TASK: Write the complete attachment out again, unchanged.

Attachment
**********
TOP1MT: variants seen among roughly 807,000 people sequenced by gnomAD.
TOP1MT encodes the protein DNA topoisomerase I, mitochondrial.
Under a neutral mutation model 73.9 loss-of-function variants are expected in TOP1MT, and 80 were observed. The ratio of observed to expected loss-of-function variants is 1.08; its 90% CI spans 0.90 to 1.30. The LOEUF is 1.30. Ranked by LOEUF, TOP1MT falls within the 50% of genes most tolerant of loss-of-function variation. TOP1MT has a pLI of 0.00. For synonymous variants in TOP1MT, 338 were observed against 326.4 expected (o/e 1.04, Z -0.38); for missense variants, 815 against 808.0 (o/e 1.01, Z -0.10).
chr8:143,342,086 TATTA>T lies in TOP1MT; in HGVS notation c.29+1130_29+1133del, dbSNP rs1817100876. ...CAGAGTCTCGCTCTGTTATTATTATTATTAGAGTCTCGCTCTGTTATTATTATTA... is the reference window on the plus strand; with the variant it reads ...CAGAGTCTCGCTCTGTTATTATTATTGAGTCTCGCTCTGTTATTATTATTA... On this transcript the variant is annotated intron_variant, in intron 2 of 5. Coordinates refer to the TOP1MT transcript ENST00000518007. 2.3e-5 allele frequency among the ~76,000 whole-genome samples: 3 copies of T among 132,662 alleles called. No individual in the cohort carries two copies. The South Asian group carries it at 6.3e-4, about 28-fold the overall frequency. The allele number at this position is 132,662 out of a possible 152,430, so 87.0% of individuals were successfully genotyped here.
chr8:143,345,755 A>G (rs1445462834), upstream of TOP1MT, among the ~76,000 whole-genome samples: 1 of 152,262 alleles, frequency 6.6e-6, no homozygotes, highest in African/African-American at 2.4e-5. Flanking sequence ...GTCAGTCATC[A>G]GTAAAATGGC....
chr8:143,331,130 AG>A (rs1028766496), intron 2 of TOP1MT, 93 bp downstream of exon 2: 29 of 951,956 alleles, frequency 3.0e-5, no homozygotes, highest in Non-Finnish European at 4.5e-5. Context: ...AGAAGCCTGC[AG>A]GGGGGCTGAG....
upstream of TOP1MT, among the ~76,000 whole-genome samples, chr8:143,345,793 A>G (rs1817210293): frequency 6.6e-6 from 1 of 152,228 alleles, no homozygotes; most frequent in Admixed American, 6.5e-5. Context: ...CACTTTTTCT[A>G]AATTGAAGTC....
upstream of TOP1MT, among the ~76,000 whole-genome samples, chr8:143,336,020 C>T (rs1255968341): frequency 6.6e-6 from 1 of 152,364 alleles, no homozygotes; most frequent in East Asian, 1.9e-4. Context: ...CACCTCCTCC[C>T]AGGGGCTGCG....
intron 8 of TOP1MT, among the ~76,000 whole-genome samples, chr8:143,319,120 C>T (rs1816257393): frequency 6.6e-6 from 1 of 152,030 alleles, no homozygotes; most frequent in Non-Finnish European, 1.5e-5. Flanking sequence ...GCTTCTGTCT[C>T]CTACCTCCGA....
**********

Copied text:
TOP1MT: variants seen among roughly 807,000 people sequenced by gnomAD.
TOP1MT encodes the protein DNA topoisomerase I, mitochondrial.
Under a neutral mutation model 73.9 loss-of-function variants are expected in TOP1MT, and 80 were observed. The ratio of observed to expected loss-of-function variants is 1.08; its 90% CI spans 0.90 to 1.30. The LOEUF is 1.30. Ranked by LOEUF, TOP1MT falls within the 50% of genes most tolerant of loss-of-function variation. TOP1MT has a pLI of 0.00. For synonymous variants in TOP1MT, 338 were observed against 326.4 expected (o/e 1.04, Z -0.38); for missense variants, 815 against 808.0 (o/e 1.01, Z -0.10).
chr8:143,342,086 TATTA>T lies in TOP1MT; in HGVS notation c.29+1130_29+1133del, dbSNP rs1817100876. ...CAGAGTCTCGCTCTGTTATTATTATTATTAGAGTCTCGCTCTGTTATTATTATTA... is the reference window on the plus strand; with the variant it reads ...CAGAGTCTCGCTCTGTTATTATTATTGAGTCTCGCTCTGTTATTATTATTA... On this transcript the variant is annotated intron_variant, in intron 2 of 5. Coordinates refer to the TOP1MT transcript ENST00000518007. 2.3e-5 allele frequency among the ~76,000 whole-genome samples: 3 copies of T among 132,662 alleles called. No individual in the cohort carries two copies. The South Asian group carries it at 6.3e-4, about 28-fold the overall frequency. The allele number at this position is 132,662 out of a possible 152,430, so 87.0% of individuals were successfully genotyped here.
chr8:143,345,755 A>G (rs1445462834), upstream of TOP1MT, among the ~76,000 whole-genome samples: 1 of 152,262 alleles, frequency 6.6e-6, no homozygotes, highest in African/African-American at 2.4e-5. Flanking sequence ...GTCAGTCATC[A>G]GTAAAATGGC....
chr8:143,331,130 AG>A (rs1028766496), intron 2 of TOP1MT, 93 bp downstream of exon 2: 29 of 951,956 alleles, frequency 3.0e-5, no homozygotes, highest in Non-Finnish European at 4.5e-5. Context: ...AGAAGCCTGC[AG>A]GGGGGCTGAG....
upstream of TOP1MT, among the ~76,000 whole-genome samples, chr8:143,345,793 A>G (rs1817210293): frequency 6.6e-6 from 1 of 152,228 alleles, no homozygotes; most frequent in Admixed American, 6.5e-5. Context: ...CACTTTTTCT[A>G]AATTGAAGTC....
upstream of TOP1MT, among the ~76,000 whole-genome samples, chr8:143,336,020 C>T (rs1255968341): frequency 6.6e-6 from 1 of 152,364 alleles, no homozygotes; most frequent in East Asian, 1.9e-4. Context: ...CACCTCCTCC[C>T]AGGGGCTGCG....
intron 8 of TOP1MT, among the ~76,000 whole-genome samples, chr8:143,319,120 C>T (rs1816257393): frequency 6.6e-6 from 1 of 152,030 alleles, no homozygotes; most frequent in Non-Finnish European, 1.5e-5. Flanking sequence ...GCTTCTGTCT[C>T]CTACCTCCGA....